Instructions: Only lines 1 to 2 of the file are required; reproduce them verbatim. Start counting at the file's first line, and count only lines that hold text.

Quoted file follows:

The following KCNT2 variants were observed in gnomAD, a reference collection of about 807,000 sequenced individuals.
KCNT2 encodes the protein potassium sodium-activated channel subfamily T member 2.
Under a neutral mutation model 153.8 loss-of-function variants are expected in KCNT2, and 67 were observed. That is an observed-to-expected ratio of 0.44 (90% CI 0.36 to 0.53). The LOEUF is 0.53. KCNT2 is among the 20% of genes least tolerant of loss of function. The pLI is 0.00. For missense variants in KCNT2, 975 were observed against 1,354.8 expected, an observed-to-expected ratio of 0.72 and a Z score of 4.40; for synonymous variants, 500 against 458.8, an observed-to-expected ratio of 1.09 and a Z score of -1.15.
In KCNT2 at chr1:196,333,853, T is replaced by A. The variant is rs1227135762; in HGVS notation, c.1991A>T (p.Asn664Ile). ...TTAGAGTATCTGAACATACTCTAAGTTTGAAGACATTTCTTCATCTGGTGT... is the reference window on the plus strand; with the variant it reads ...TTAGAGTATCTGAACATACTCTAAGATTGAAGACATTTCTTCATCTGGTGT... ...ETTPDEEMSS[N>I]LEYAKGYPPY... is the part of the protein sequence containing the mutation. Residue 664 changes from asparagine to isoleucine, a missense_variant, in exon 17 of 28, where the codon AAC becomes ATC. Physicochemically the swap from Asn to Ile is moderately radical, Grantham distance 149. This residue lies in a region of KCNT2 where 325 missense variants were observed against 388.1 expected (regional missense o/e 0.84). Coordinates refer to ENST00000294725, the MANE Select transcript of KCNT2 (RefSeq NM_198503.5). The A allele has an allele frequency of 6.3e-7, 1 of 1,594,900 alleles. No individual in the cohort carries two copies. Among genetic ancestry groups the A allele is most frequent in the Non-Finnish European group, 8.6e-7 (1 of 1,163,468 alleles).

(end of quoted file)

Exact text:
The following KCNT2 variants were observed in gnomAD, a reference collection of about 807,000 sequenced individuals.
KCNT2 encodes the protein potassium sodium-activated channel subfamily T member 2.